Sen. Gay Kernan, R-Hobbs, said many students in her part of New Mexico have crossed the state line to attend schools in Texas because of their struggles with online learning.
“It will be years before those children catch up,” Kernan said, citing an October 2020 Legislative Finance Committee report that said New Mexico students potentially lost more than a year’s worth of learning when schools were forced to close last spring.
Some districts came up with hybrid approaches to learning last semester and are still allowed to do that, assuming their COVID-19 numbers do not grow beyond state safety thresholds.
But districts that did not do that last year have no choice but to remain virtual, causing problems for students with limited or no broadband capacity and those who need face-to-face interaction with a teacher to succeed, Republican lawmakers say.
On the issue of safety, Gallegos said local school boards could follow Centers for Disease Control and Prevention guidelines to ensure students and staff members are protected.
State officials say that is already being done. “It has always been and remains a key priority of the state to help these districts get back into a hybrid and safe in-person learning environment as quickly as it can be done,” Nora Meyers Sackett, spokeswoman for Lujan Grisham, said in an email Wednesday.
“We are very optimistic that we’ll be able to expand in-person eligibility and encourage more districts to move forward safely in the very near future.”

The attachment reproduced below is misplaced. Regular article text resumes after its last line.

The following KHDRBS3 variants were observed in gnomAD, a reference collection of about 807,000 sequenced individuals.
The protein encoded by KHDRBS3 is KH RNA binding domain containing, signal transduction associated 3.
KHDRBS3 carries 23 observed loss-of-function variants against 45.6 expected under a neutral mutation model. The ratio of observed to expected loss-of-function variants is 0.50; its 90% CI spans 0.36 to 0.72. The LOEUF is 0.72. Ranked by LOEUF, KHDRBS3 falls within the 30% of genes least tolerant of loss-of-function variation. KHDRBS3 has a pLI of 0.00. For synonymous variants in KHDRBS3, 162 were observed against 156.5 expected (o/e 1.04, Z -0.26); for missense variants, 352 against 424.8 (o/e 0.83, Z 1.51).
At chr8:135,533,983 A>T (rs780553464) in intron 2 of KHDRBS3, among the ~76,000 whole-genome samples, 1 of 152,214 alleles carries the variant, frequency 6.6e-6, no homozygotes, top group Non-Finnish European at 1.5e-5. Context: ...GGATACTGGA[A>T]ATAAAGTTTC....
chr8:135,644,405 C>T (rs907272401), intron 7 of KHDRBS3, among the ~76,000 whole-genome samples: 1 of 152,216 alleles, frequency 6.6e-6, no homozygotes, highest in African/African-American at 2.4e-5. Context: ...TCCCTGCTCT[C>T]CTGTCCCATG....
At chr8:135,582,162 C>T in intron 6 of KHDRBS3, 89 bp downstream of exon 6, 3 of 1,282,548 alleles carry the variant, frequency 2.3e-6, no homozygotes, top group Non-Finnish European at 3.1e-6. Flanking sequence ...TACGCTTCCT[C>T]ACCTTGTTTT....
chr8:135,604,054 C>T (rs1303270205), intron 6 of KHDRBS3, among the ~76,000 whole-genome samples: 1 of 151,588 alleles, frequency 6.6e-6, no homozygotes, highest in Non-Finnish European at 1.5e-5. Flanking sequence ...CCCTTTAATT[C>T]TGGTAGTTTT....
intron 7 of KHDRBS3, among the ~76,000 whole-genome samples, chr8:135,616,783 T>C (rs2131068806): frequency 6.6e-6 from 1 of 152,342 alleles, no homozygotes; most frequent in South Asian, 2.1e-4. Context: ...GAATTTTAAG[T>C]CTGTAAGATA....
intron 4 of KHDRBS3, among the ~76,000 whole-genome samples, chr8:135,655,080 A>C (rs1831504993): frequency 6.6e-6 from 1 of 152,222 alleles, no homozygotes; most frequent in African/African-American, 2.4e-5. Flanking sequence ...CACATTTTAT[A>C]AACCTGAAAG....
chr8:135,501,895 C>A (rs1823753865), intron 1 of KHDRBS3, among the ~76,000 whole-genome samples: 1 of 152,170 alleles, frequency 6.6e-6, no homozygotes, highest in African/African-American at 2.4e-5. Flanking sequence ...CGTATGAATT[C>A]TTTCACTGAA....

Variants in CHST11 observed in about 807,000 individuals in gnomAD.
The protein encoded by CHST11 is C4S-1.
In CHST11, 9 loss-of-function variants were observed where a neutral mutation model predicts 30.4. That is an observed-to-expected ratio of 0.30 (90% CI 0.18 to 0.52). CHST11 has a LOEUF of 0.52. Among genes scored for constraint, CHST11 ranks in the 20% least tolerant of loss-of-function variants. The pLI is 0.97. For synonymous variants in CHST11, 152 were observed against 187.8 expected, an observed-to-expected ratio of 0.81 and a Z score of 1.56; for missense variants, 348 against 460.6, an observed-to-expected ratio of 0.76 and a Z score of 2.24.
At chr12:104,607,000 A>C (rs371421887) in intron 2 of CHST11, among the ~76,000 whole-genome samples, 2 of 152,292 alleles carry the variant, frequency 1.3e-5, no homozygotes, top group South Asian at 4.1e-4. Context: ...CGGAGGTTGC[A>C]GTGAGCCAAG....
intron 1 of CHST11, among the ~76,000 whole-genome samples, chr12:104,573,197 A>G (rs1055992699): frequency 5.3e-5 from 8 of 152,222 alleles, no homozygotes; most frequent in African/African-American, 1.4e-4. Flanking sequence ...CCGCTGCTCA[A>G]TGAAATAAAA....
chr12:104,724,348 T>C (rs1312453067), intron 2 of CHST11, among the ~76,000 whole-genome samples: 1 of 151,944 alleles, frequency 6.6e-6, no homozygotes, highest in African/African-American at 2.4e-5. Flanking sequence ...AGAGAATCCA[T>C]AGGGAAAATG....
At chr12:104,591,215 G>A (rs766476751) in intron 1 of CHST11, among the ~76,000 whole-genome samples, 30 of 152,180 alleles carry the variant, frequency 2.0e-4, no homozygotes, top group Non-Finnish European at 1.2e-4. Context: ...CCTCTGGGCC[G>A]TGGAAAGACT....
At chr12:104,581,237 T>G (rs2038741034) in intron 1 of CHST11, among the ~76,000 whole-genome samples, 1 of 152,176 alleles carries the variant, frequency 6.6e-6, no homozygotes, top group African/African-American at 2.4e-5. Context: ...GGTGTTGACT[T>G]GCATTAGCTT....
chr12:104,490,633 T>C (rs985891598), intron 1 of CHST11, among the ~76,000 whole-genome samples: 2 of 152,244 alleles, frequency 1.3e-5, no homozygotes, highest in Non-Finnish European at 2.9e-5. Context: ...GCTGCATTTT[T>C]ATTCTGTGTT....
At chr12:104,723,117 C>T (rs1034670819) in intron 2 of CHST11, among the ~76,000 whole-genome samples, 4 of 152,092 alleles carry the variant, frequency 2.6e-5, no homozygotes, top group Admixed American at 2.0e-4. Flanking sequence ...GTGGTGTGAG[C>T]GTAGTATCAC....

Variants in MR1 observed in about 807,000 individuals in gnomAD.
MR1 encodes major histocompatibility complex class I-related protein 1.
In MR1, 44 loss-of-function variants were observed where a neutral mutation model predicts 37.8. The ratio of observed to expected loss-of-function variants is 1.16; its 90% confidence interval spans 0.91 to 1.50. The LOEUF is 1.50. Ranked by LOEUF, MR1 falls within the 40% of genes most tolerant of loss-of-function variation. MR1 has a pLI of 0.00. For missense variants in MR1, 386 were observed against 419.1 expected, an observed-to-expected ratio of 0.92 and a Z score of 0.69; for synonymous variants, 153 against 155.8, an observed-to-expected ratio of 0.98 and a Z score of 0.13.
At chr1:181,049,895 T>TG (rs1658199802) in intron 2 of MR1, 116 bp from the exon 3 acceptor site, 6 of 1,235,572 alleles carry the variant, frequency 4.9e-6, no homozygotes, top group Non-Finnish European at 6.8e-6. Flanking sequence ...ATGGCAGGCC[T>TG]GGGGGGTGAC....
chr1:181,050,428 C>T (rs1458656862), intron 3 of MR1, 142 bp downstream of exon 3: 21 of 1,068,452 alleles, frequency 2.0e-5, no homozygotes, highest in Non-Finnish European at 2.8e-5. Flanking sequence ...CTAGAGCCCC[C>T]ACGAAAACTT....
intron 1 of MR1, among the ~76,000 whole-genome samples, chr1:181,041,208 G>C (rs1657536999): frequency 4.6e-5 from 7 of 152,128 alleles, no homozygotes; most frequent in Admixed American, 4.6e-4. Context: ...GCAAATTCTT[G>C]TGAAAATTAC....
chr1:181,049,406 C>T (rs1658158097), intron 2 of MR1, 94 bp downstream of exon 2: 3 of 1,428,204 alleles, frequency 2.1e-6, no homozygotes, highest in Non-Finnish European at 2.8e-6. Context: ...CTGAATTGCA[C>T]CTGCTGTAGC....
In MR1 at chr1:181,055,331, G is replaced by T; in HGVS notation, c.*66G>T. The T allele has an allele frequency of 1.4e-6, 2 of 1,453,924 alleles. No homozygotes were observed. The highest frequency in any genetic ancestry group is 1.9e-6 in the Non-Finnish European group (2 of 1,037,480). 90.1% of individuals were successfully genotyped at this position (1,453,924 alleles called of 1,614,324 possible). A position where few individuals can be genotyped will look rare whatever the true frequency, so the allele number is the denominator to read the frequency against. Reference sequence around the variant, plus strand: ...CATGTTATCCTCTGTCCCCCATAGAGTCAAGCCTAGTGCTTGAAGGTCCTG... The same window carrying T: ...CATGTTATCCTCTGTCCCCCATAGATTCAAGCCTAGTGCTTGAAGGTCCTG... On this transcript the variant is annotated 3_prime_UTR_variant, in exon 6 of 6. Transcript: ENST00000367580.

On Friday, the state Public Education Department updated its guidelines for districts and charter schools for operating schools during the pandemic.
That 24-page document covers measures such as conducting COVID-19 testing for those who are asymptomatic, implementing proper air filtration methods, serving breakfast and lunch in the classroom rather than the cafeteria and staggering student arrival and dismissal time to cut down on the spread of the virus.
It also suggest cohorting students, a practice where they remain together and confined as much as possible to reduce interaction and make contact tracing easier.
Stan Rounds and Dennis Roch — the executive director and president, respectively, of New Mexico Coalition of Educational Leaders — said they support the proposed legislation.
“We are urging a calculated reopening moving forward,” Rounds said.
Roch, a former Republican state representative who serves as superintendent of Logan schools, said such an action would “reflect the needs and wishes and desires” of local school boards.
He said he’s aware that not every district would choose the same plan.
“There may be school boards where their community is facing a spike [in cases] or that don’t have the interest to be able to return fully,” he said. “But the local school board is the best one to make that decision.”
Sen. William Soules, D-Las Cruces and chair of the Senate Education Committee, said Wednesday he is a “big proponent” of allowing local school boards to maintain control in many cases.
But not in this one, he said.
“There are times where as a society we don’t get those options because of societal good,” he said. “This is one of those times. We’re trying to keep people safe and make sure people don’t die and that’s really important at this time.”